However, because of the many lifestyle adjustments that come along with these conditions, many people prefer to avoid further changes to their diet, especially if they aren’t fond of overly salty foods. 

A good solution in that situation is to opt for salt capsules like Klaralyte. You can supplement your salt intake by taking Klaralyte capsules as directed by your medical provider with water, and you may not need to significantly alter your diet.

When it comes to increasing your salt intake more than the recommended DV for any reason, especially over a sustained period of time, it’s always best to consult a medical provider. While there are some genuine reasons why you may need to increase your salt intake, salt cravings arise for all sorts of reasons, including[10]:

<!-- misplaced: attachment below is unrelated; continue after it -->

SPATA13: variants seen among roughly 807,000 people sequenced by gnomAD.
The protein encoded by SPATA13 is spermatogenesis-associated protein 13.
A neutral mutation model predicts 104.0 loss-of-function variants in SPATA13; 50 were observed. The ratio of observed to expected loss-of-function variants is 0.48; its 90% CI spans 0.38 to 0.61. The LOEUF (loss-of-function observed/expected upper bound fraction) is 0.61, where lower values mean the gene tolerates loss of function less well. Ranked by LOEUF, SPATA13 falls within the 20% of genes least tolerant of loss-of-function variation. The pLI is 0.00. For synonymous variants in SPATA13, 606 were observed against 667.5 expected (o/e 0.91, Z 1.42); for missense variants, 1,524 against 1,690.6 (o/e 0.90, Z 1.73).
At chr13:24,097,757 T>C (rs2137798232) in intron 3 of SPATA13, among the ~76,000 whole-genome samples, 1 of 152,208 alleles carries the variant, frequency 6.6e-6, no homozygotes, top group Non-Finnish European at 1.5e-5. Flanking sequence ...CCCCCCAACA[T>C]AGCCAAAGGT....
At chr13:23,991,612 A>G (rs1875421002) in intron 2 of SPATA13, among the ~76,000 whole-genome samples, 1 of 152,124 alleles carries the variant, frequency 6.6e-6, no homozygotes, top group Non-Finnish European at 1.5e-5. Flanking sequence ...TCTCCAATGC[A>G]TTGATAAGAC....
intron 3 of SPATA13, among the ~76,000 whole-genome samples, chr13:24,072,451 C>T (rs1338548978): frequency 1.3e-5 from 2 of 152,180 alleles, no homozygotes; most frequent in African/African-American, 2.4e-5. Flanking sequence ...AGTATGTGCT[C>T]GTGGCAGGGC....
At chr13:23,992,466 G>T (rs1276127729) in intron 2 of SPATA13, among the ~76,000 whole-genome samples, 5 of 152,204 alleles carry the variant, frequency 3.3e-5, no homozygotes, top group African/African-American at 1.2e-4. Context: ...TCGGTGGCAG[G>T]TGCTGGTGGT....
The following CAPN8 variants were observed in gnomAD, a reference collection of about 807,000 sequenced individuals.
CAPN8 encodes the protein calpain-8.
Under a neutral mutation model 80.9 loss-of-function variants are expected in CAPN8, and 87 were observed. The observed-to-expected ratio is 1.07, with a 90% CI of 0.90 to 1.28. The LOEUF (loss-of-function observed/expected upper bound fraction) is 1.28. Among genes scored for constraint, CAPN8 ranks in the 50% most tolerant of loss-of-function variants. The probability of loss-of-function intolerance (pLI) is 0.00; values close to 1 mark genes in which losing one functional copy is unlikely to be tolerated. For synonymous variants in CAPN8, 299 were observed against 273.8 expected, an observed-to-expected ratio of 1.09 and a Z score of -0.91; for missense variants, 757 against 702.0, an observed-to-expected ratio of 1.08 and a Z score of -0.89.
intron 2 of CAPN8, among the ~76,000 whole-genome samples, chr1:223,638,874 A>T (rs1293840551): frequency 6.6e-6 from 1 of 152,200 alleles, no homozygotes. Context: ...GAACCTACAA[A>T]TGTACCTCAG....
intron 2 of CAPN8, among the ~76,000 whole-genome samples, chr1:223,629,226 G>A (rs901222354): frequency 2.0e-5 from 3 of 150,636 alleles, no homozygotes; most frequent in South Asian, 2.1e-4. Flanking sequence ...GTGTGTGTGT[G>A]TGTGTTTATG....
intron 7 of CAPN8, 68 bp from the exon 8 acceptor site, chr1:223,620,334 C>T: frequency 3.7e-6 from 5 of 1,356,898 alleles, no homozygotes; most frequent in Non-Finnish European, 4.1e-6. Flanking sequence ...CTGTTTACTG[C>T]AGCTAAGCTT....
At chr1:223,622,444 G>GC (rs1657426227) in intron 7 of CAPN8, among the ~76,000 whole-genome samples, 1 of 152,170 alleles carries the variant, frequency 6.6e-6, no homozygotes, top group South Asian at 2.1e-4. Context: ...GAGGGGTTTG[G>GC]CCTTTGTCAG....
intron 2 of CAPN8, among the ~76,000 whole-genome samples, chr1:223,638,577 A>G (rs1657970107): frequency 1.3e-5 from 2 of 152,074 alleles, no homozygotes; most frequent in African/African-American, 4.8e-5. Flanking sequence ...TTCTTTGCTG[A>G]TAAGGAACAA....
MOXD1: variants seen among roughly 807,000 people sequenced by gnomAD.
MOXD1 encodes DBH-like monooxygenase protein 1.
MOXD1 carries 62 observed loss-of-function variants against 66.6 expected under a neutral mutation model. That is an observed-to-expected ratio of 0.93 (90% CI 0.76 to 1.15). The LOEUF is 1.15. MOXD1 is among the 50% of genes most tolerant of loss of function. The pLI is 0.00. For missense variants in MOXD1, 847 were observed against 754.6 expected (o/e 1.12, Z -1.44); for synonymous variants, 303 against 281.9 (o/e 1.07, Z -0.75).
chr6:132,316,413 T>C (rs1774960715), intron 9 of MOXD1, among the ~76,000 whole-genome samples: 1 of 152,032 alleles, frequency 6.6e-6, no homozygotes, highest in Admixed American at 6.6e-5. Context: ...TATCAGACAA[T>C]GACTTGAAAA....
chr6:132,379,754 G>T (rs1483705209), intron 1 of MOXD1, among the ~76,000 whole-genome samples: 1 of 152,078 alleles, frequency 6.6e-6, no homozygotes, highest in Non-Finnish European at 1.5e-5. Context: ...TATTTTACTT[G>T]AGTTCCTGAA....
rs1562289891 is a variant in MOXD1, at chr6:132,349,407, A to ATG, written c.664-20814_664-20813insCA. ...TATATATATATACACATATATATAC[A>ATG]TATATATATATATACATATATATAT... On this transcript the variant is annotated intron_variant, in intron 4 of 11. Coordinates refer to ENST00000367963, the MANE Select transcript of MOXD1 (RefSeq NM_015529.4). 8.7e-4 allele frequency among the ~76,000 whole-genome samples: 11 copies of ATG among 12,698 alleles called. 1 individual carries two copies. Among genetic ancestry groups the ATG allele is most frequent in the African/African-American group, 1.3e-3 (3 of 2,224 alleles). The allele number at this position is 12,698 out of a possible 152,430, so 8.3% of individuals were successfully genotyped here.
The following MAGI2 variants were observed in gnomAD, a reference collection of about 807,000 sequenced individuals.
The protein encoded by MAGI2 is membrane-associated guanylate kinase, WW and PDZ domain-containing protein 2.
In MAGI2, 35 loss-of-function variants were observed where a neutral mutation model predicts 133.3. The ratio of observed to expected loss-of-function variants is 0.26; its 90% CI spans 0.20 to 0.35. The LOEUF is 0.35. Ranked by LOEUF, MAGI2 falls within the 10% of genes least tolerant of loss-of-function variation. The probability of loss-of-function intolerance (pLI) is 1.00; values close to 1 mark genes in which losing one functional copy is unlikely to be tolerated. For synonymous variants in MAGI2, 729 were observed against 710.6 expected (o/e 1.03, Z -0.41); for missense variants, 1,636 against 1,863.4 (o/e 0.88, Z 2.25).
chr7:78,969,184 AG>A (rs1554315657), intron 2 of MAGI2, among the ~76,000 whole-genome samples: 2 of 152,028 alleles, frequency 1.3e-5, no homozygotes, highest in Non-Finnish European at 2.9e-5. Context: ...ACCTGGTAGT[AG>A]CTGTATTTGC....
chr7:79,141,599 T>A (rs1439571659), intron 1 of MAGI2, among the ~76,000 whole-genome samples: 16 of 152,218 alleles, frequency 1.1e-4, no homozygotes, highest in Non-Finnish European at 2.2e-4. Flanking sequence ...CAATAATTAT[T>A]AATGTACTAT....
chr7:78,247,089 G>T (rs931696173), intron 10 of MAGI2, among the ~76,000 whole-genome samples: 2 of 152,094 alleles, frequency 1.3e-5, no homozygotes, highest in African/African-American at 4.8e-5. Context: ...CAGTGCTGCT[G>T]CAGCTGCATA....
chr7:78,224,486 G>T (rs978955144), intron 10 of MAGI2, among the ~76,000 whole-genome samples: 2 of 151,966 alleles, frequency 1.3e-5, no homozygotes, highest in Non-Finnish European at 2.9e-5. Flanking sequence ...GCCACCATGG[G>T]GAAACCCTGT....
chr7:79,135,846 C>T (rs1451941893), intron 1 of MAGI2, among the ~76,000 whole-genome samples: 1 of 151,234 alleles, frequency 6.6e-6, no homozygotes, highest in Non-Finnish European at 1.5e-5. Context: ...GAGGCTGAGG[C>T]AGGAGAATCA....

• Menstruation
  • Stress
  • Lack of sleep 
  • Boredom 

Not all of these conditions warrant an increase in your dietary intake of sodium. It’s very easy to consume too much salt, and speaking to a professional before increasing your salt intake will ensure you’re not going too far overboard.

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Additional Information

*Not Evaluated by FDA: These statements have not been evaluated by the Food and Drug Administration. This product is not intended to diagnose, cure, or prevent any disease. Klaralyte LLC manufactures dietary supplements and medical food products that should be used under the direct supervision of a licensed healthcare practitioner.

Designated Medical Food: Klaralyte Salt Capsules are classified as a medical food under 21 U.S.C. 360ee(b)(3), and are intended for specific dietary management based on recognized scientific principles, as evaluated by a physician.